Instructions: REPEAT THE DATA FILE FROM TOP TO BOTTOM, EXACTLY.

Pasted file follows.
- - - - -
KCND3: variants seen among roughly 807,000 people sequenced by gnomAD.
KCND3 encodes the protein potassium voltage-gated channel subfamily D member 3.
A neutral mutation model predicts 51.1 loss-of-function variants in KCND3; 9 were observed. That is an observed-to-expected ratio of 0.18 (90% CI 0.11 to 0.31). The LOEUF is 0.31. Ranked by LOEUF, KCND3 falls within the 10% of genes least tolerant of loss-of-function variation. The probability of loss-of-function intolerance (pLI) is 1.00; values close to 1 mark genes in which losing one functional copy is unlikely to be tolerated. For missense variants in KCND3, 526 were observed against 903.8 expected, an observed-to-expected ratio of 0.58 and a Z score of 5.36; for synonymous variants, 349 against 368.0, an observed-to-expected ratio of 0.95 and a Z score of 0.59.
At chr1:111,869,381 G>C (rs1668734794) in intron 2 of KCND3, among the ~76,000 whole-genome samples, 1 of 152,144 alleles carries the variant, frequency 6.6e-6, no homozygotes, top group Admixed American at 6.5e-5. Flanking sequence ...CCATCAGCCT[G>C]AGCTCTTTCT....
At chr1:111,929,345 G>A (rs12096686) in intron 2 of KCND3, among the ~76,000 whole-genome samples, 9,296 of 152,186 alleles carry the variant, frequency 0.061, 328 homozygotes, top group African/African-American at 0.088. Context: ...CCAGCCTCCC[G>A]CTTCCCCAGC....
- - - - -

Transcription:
KCND3: variants seen among roughly 807,000 people sequenced by gnomAD.
KCND3 encodes the protein potassium voltage-gated channel subfamily D member 3.
A neutral mutation model predicts 51.1 loss-of-function variants in KCND3; 9 were observed. That is an observed-to-expected ratio of 0.18 (90% CI 0.11 to 0.31). The LOEUF is 0.31. Ranked by LOEUF, KCND3 falls within the 10% of genes least tolerant of loss-of-function variation. The probability of loss-of-function intolerance (pLI) is 1.00; values close to 1 mark genes in which losing one functional copy is unlikely to be tolerated. For missense variants in KCND3, 526 were observed against 903.8 expected, an observed-to-expected ratio of 0.58 and a Z score of 5.36; for synonymous variants, 349 against 368.0, an observed-to-expected ratio of 0.95 and a Z score of 0.59.
At chr1:111,869,381 G>C (rs1668734794) in intron 2 of KCND3, among the ~76,000 whole-genome samples, 1 of 152,144 alleles carries the variant, frequency 6.6e-6, no homozygotes, top group Admixed American at 6.5e-5. Flanking sequence ...CCATCAGCCT[G>C]AGCTCTTTCT....
At chr1:111,929,345 G>A (rs12096686) in intron 2 of KCND3, among the ~76,000 whole-genome samples, 9,296 of 152,186 alleles carry the variant, frequency 0.061, 328 homozygotes, top group African/African-American at 0.088. Context: ...CCAGCCTCCC[G>A]CTTCCCCAGC....